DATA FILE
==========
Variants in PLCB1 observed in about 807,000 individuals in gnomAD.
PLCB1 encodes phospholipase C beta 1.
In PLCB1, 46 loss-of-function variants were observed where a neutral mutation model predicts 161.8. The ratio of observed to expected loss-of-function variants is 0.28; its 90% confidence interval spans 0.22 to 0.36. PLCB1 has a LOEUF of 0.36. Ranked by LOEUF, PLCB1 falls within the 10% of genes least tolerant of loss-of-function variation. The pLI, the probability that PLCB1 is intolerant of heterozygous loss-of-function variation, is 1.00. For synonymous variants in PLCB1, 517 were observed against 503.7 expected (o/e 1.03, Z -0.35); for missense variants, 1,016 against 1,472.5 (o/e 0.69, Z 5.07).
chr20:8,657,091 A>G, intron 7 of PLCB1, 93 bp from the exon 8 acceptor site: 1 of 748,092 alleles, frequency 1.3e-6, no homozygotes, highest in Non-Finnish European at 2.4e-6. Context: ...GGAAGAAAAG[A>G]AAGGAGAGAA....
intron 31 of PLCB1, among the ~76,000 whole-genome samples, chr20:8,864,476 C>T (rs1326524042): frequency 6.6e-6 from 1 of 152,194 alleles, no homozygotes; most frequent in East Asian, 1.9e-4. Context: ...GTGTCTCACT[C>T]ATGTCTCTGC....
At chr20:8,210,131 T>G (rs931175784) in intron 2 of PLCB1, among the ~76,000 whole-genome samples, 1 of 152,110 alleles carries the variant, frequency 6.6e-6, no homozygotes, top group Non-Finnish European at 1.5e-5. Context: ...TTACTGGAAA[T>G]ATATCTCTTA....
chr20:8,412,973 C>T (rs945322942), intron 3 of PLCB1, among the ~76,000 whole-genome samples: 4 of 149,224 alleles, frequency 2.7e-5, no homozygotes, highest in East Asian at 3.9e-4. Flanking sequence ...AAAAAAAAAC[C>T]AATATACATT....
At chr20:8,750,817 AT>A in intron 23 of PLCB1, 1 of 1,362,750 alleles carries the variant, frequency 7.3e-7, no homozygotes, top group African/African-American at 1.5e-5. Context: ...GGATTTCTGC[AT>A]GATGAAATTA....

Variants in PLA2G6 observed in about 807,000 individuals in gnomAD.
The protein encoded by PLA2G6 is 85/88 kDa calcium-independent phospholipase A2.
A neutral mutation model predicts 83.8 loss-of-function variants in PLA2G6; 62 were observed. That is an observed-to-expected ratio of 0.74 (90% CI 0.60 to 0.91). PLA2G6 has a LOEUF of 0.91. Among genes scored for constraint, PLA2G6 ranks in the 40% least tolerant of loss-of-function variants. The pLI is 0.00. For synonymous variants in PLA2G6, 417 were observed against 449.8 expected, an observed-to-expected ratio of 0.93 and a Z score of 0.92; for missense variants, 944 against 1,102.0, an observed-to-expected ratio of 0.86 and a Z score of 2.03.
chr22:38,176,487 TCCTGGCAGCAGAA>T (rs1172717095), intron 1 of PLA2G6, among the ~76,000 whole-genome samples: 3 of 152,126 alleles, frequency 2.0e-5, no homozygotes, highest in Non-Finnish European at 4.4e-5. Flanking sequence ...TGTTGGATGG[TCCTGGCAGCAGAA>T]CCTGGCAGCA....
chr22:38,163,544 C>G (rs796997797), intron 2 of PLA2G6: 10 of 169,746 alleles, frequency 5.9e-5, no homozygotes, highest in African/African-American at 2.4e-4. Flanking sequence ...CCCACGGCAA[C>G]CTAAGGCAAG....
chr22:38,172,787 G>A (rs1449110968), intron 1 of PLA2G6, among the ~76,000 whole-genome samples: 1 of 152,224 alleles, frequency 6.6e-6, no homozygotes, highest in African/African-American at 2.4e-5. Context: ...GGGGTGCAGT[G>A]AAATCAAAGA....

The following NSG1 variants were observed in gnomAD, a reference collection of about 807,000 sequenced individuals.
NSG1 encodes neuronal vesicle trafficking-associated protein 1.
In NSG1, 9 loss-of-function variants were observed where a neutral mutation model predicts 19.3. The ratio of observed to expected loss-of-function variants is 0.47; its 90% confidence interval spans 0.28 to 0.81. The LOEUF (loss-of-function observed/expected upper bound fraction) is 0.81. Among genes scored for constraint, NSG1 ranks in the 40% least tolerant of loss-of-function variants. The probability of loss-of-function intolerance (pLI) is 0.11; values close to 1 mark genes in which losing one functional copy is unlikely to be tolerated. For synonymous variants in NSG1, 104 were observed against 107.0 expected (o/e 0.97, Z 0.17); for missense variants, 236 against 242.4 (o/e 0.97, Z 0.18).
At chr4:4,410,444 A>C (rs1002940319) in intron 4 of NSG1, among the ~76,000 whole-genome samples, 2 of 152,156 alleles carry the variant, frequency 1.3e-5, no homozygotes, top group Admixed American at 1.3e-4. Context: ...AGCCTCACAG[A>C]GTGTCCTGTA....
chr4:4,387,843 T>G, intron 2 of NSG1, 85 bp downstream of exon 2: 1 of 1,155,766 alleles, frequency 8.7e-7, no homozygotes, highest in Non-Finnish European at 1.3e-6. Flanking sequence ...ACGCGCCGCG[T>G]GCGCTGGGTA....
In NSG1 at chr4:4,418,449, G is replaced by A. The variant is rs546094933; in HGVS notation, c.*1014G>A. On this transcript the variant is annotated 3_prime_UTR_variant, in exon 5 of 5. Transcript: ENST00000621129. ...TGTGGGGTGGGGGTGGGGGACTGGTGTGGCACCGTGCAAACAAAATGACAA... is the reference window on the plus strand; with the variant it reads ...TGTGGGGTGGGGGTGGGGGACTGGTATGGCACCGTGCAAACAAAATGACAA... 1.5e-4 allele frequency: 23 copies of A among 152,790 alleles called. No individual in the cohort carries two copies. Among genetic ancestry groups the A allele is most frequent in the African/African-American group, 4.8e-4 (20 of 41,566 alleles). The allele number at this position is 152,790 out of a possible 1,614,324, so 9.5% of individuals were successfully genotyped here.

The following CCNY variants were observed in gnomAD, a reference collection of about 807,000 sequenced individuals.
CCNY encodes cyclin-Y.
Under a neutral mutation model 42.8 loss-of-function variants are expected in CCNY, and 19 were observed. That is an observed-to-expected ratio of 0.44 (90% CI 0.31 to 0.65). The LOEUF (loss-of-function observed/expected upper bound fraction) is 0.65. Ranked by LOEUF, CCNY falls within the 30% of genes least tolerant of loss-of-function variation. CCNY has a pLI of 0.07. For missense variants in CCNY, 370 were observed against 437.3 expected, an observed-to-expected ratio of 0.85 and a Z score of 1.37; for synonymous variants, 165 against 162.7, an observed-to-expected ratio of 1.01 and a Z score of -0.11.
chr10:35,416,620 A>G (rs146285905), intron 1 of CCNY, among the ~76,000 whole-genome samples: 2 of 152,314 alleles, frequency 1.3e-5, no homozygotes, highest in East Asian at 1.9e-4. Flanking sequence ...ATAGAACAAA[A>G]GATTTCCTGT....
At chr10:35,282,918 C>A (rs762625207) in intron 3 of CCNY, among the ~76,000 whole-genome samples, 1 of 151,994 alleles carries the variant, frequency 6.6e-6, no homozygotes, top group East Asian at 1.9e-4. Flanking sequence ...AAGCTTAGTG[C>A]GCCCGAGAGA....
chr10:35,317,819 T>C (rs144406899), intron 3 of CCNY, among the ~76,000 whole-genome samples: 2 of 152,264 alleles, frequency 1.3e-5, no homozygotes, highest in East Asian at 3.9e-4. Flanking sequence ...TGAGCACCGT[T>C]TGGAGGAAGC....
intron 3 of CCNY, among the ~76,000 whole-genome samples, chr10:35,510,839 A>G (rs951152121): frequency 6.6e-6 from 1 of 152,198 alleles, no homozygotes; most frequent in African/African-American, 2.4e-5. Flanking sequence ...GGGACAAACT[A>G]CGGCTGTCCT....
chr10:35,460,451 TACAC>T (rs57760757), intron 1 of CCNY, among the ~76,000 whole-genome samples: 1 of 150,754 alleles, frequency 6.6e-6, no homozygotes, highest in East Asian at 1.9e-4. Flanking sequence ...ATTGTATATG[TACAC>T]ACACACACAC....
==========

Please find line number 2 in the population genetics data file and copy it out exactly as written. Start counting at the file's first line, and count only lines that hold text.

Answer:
PLCB1 encodes phospholipase C beta 1.